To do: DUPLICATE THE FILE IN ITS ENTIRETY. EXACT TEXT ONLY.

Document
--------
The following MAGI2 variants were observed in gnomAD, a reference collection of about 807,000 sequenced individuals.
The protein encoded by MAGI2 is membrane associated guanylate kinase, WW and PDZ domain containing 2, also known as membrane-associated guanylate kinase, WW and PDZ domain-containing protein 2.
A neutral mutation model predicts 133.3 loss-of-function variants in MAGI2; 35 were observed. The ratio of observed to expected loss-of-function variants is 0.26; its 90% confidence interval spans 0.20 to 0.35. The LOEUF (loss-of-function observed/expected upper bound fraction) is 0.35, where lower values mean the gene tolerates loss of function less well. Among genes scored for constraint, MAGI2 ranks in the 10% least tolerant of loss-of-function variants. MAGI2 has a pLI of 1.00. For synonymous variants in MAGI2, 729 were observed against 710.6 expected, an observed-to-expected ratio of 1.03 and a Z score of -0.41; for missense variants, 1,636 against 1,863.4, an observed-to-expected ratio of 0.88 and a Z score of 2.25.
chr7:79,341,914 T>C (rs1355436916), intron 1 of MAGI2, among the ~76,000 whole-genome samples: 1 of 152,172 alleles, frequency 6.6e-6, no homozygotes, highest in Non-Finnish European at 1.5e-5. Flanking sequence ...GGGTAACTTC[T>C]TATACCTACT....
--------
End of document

The following MAGI2 variants were observed in gnomAD, a reference collection of about 807,000 sequenced individuals.
The protein encoded by MAGI2 is membrane associated guanylate kinase, WW and PDZ domain containing 2, also known as membrane-associated guanylate kinase, WW and PDZ domain-containing protein 2.
A neutral mutation model predicts 133.3 loss-of-function variants in MAGI2; 35 were observed. The ratio of observed to expected loss-of-function variants is 0.26; its 90% confidence interval spans 0.20 to 0.35. The LOEUF (loss-of-function observed/expected upper bound fraction) is 0.35, where lower values mean the gene tolerates loss of function less well. Among genes scored for constraint, MAGI2 ranks in the 10% least tolerant of loss-of-function variants. MAGI2 has a pLI of 1.00. For synonymous variants in MAGI2, 729 were observed against 710.6 expected, an observed-to-expected ratio of 1.03 and a Z score of -0.41; for missense variants, 1,636 against 1,863.4, an observed-to-expected ratio of 0.88 and a Z score of 2.25.
chr7:79,341,914 T>C (rs1355436916), intron 1 of MAGI2, among the ~76,000 whole-genome samples: 1 of 152,172 alleles, frequency 6.6e-6, no homozygotes, highest in Non-Finnish European at 1.5e-5. Flanking sequence ...GGGTAACTTC[T>C]TATACCTACT....